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#464672 - 04/28/14 12:22 AM Childhood trauma that survived my military career
andyp3 Offline
Junior Member

Registered: 06/25/06
Posts: 6
Loc: Fort Worth, Texas
My mother sexually abused me from the age of 7 to about 12. Aside from the beatings and other sexually charged violence, she would many times compare my sexuality with that of my estranged father. It was only in my late 20s, as I was beginning my military career and after both my parents passed away, I discovered I was adopted as a baby. I had a White House Security Clearance and could not go to a therapist for fear of loosing my clearance and my military career. Because of my particular training, I would have great difficulty finding civilian work to provide for my wife and children. I am now 62, I've been married three times, and I have five natural children and nine grandchildren from my first wife. I'm still trying to get over the idea that it's not all my fault. I feel lonely and abandoned most of the time, I've been through years of therapy, and I still can't get over the belief that the reason I'm so lonely and have no friends is because I'm such a bad person. On the surface, I seem to be a happy person but underneath I wonder if this will ever be resolved. Guess I'm going thru a phase of self doubt, depression and loneliness.
_________________________
AndyP

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#464690 - 04/28/14 08:44 AM Re: Childhood trauma that survived my military career [Re: andyp3]
I Want 2 Thrive Offline
Member
MaleSurvivor

Registered: 04/04/14
Posts: 81
Loc: Florida, U.S.A
Andy,

When my childhood trauma first bubbled to the surface, I was not handling it well. I was lucky my director of operations was a psych-major in college and realized how prized my security clearance was, I had a Top Secret SCI - NATO COSMIC. He realized what going to military mental health would do to that security clearance. We were able to keep my abuse off the books until I went for another assignment. Everything was fine until the in person interview began. The questions changed, when I enlisted the question was are you a homosexual. I could answer that question, no. The new question in 88 was have you ever performed a homosexual act. That question had to be given a conditional, yes. I was hooked up to a polygraph at the time. I explained my abuse to the investigator who documented it in great gory detail, I hate the DIS (Defense Investigative Service). The DIS investigator (Special Agent Swenson, yes I remember that son of a bitch) actually did try to make me admit to being homosexual. He read me my rights under the Uniform Code of Military Justice. He also accused me of fraudulent enlistment. It was a 6 hour interrogation, that was ultimately stopped by my director of operations and my commanding officer. The end result, I kept my security clearance, but did not get the assignment I was hoping for.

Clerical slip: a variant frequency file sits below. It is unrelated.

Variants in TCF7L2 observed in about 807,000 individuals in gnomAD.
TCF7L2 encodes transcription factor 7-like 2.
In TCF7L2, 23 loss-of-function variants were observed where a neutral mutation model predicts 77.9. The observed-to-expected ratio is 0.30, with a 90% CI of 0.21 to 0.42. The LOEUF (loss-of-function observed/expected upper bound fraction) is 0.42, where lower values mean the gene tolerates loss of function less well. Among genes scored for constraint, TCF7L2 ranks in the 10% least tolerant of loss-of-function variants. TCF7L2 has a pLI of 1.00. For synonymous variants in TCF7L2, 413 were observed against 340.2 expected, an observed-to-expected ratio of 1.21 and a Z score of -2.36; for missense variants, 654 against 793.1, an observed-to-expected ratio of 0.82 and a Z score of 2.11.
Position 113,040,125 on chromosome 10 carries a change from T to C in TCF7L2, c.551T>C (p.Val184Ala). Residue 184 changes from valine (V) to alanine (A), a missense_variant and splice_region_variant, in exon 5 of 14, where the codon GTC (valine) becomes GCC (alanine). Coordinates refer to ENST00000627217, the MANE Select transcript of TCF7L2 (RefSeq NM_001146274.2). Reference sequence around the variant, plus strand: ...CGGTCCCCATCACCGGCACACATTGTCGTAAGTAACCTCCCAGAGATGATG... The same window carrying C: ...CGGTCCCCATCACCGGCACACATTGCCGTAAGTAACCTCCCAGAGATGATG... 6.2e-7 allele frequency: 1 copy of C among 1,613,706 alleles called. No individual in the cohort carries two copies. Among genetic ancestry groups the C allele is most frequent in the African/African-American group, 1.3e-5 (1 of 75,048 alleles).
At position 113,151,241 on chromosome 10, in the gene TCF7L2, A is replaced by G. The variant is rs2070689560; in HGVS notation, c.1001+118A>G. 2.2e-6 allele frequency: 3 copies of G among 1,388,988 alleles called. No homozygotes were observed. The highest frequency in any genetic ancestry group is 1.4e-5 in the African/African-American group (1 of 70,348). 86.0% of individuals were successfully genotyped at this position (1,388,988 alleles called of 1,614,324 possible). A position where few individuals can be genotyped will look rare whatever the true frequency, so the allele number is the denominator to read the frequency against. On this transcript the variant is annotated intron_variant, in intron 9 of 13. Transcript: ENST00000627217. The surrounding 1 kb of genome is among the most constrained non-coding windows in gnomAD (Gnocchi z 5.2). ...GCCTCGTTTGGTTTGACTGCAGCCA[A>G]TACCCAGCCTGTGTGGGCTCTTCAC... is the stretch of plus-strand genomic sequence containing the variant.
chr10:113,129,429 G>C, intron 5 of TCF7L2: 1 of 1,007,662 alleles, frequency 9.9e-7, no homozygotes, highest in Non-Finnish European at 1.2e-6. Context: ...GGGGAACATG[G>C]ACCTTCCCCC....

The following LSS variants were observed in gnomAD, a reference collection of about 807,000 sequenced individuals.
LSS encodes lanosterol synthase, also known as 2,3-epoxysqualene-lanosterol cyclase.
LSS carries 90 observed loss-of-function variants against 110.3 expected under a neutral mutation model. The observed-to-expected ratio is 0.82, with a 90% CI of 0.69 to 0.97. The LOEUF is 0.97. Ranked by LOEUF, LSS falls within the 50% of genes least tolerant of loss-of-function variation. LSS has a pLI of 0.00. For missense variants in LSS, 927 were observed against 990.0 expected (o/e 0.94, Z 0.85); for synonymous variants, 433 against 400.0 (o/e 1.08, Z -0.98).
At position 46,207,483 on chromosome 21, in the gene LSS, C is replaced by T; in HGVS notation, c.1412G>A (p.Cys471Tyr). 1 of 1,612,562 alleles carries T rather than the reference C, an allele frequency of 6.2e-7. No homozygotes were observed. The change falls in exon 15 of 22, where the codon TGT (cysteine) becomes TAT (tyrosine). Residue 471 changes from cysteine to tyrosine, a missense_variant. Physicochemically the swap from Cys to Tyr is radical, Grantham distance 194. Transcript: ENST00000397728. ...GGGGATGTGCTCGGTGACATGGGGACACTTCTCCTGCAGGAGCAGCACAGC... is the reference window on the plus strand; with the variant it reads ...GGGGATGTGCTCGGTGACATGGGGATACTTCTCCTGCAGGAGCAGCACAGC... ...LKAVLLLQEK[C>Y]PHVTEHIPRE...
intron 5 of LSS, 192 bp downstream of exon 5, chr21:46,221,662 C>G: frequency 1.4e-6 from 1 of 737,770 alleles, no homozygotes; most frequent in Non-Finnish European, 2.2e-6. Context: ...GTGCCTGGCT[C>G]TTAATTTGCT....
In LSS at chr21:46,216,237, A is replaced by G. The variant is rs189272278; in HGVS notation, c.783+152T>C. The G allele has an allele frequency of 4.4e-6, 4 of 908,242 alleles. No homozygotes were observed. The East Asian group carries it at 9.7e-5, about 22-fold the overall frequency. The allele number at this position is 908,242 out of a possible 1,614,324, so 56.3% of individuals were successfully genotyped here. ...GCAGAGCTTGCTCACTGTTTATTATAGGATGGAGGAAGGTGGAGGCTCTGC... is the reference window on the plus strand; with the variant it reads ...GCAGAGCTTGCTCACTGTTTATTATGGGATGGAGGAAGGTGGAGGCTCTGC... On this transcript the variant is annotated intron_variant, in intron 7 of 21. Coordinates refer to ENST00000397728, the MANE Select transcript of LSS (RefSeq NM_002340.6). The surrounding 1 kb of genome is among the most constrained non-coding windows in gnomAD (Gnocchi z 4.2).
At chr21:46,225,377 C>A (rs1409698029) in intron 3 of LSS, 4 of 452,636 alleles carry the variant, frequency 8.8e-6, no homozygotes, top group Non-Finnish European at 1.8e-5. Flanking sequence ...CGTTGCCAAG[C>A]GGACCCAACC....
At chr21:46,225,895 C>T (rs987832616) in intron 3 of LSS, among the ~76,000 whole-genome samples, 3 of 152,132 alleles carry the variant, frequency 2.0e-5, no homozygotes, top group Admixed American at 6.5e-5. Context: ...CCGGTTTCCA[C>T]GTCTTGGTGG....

I also understand being able to put on an affable facade so the world can see nothing but the surface. It reminded me of the amazingly beautiful facelifts that some of the buildings in East Berlin had. Just under those remarkable facades were the bullet holes and scars from World War 2. I could identify with those buildings very much. Beautiful to the eye but just under the surface, the deadly reality.

Remember you were not at fault for your abuse. You are not alone. It was a run of four days of flashbacks and nightmares that brought me to MS, and back to counseling. I had to remember temporary setbacks happen, how I respond to them is all me.

We all heal in our own time. I am 20+ years into my healing journey and still learning. Be well my brother.


Edited by I Want 2 Thrive (04/28/14 08:57 AM)
Edit Reason: typos, BLOODY SPEECH RECOGNITION!
_________________________
Izzy

"There are far, far better things ahead than any we leave behind" C.S. Lewis
My Story: Short / Long version. *TRIGGERS*

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#470674 - Yesterday at 03:32 PM Re: Childhood trauma that survived my military career [Re: andyp3]
Bardo Online   content


Registered: 09/24/14
Posts: 13
Andy,
I am new around here and just got to your post. I can relate to your circumstances, I had a 25 year Navy career during which I was afraid to see a therapist as well. Unlike Izzy, I lied my ass of to the interviewers! My abuse occurred when I was 11-15 y/o, and it was my brother who abused me. It affected my career because I began to have symptoms like anxiety and panic, which made it very hard for me to execute my job at a certain point. I was an aviator, and had learned early to compartmentalize my feelings while I was flying. This may have been the only thing that allowed me to finish a great 25 year career, about which I have no complaints. I still have not fully committed to a therapist, even three years after retiring, and I think it is the "suck it up" gene that we all have that has prevented it. Your situation sounds very hard, and I am really sorry that you had to endure parents that did not have your best interests at heart. Did the fact that you ended up being adopted change the way you felt about the abuse? At any rate, know that you are not alone! I am learning every day that there is a brotherhood of men who have "soldiered on" after these events which color their lives. I know you will emerge from your isolation when you are able to see yourself as the victor, and give yourself the space to be happy, which you certainly deserve to be! I too was abandoned by my father, who left us when I was three, and that fed into the pathology of my brother's predation I think. Do you have a relationship with your kids?

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